WALNUT CREEK, Ohio — This year’s winner of the fifth-grade farm tour essay contest wrote an account “unlike any we’ve ever had before,” Holmes Soil and Water Conservation District Supervisor Harold Neuenschwander remarked.
His comments were made during the district’s annual banquet Nov. 19 at the Carlisle Village Inn in Walnut Creek. But he wasn’t putting down the young girl who wrote it.
Marris Hoffee, a fifth-grader at Lakeville Elementary School, came to the podium and read her creative recount of the tour called I’m coyote.
The essay portrayed the point of view of a coyote, and the observations this crafty, carnivorous mammal may have made from a day spent at Tom and Sarah Miller’s Holmes County beef farm.
From farm safety to farm production and decades of change in farm size, Marris’ essay combined humor and fact to introduce readers to the curious, primitive nature of a prowling coyote, while at the same time sharing all that she had learned.
Students from West Holmes and East Holmes, as well as Holmesville Elementary schools participated in the annual tour.
Taking second place was Brooke Stutzman, of Walnut Creek Elementary School, and third went to Angela Miller, of Chestnut Ridge Elementary School.
The Friend of Conservation Award went to Bob Ramseyer, who helped form the Alpine Cheese Nutrient Trading Program — a collaborative effort to help the country’s exclusive producer of Jarlsberg cheese expand operations and reduce its ratios of phosphorous discharge.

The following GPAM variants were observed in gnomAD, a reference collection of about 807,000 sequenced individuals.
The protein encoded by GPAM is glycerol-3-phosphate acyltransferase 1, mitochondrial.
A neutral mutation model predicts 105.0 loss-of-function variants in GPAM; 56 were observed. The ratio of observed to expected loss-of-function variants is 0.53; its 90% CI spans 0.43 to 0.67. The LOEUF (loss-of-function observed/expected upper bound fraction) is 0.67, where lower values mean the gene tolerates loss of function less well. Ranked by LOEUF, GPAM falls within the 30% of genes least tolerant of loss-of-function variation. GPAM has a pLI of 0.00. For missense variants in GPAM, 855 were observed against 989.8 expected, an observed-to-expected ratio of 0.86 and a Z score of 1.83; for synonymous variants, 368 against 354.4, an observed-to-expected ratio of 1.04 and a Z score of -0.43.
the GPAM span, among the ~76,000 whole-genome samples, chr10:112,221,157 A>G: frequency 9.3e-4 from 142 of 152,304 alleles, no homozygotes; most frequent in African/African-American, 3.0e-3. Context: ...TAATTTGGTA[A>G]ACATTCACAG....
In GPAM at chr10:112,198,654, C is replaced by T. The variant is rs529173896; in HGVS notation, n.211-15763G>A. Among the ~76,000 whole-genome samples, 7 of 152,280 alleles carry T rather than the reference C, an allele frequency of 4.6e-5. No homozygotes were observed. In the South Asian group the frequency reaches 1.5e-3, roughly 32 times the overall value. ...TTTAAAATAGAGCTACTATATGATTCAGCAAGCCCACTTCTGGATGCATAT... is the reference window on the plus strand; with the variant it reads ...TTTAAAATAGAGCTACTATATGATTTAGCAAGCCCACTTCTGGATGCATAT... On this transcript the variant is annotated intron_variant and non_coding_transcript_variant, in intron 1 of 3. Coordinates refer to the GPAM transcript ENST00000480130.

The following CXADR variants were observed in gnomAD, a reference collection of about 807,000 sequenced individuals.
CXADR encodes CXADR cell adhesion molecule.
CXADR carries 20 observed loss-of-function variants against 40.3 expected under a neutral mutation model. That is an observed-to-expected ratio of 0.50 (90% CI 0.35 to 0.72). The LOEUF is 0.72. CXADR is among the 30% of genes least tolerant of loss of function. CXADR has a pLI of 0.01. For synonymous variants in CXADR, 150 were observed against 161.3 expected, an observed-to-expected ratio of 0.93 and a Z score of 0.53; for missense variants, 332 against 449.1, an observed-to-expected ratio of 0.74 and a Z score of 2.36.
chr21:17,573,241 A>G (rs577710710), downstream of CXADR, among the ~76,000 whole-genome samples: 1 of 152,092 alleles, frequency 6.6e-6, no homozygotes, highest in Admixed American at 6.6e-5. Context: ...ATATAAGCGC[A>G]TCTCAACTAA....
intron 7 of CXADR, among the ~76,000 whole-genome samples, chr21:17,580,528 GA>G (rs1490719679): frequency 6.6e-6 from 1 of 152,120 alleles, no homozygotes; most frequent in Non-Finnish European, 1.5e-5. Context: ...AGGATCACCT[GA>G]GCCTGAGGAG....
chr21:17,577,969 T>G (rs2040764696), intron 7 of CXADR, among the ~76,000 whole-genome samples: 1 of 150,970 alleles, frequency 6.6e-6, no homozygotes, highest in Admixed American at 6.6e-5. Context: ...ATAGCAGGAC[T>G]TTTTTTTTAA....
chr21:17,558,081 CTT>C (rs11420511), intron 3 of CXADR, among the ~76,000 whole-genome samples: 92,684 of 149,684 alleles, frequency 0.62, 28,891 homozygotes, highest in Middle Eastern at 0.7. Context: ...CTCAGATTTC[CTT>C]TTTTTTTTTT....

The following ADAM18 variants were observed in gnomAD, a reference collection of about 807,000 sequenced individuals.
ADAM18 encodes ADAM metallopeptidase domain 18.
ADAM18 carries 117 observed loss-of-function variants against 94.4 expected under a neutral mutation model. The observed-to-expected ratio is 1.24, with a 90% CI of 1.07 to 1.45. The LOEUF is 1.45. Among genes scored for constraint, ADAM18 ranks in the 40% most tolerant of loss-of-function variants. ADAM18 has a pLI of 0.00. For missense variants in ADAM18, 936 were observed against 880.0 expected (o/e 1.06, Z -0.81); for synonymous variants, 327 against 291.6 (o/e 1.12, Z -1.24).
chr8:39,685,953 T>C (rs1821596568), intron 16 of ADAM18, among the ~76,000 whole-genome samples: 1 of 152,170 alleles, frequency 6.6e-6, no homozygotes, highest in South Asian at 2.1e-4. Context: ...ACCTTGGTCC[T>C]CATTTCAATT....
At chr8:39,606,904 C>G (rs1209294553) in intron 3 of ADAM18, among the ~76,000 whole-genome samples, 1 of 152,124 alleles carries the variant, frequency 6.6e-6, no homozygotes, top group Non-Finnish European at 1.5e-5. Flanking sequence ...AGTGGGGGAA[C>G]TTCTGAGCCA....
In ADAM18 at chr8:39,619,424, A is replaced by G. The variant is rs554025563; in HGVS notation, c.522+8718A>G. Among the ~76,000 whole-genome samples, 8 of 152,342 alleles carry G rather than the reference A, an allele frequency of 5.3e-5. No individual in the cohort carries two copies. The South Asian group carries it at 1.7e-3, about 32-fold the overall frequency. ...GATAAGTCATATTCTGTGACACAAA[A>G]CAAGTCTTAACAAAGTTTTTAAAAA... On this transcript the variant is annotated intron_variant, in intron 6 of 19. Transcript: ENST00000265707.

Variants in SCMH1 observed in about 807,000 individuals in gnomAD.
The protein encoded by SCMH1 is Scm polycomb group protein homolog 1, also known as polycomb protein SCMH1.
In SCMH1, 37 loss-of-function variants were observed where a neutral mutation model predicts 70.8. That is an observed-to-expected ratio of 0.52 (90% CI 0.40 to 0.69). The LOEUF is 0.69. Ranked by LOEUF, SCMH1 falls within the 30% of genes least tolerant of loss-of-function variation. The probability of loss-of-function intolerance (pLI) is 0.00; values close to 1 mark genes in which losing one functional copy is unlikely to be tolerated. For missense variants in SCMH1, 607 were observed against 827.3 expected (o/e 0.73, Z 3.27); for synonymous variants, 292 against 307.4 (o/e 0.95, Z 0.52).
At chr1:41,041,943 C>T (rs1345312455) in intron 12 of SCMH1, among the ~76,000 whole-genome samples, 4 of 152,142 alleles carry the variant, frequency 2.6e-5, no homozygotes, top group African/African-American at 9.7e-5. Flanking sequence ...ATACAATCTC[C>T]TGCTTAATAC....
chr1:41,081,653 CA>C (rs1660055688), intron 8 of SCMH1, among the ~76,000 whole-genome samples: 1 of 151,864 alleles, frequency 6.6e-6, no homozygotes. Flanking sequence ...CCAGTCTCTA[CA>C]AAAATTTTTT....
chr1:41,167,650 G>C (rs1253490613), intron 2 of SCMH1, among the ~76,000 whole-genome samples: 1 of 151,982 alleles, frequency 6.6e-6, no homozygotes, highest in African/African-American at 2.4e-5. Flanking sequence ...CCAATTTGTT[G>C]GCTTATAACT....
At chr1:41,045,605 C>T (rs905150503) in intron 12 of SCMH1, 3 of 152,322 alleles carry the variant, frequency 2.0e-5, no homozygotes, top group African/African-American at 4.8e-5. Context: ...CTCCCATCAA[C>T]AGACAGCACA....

Alpine Cheese collaborated with the Holmes SWCD, Ohio Environmental Protection Agency and Ohio State University’s Ohio Agricultural Research and Development Center to complete the project, which allowed the company to expand operations and later provided a model for farmers within the county.
The Conservation Farm Award went to Steven Hershberger and his family, of state Route 643 near Farmerstown.
Tim Brumme was re-elected to the board of supervisors and Ferman Wengerd was newly elected.
Members still serving terms include Jim Croskey Jr., Jason Schuch and Harold Neuenschwander.
The district also honored Mike Fair, who had been a board member since 2001 and decided not to seek re-election.
The district accomplished many of its conservation-specific goals this year, which led to reducing the impact on water quality from livestock farms, reducing sedimentation to water bodies and increasing public awareness of conservation issues. Sixteen farmers participated in the district’s cover crop program, seeding nearly 1,600 acres to oats, more than 750 to rye and more than 200 to rye grass.
Considering that bare ground loses an average of 1.5 tons of soil per year, officials figure the county saved 3,873 tons of soil with the cover crop program.
At the top
The county also continues many high rankings in the state, being first in the number of licensed dairy farms (counting Grade A and Manufacturing grade milk), second in farms with $1,000 or more in annual sales, and second in acres harvested of both oats and hay.
Holmes County fifth-graders Angela Miller (left), Brooke Stutzman and Marris Hoffee show the trophies they won in the essay contest for the Tom Graham Fifth-Grade Farm Tour. Hoffee took first place, giving a coyote’s perspective of farming.
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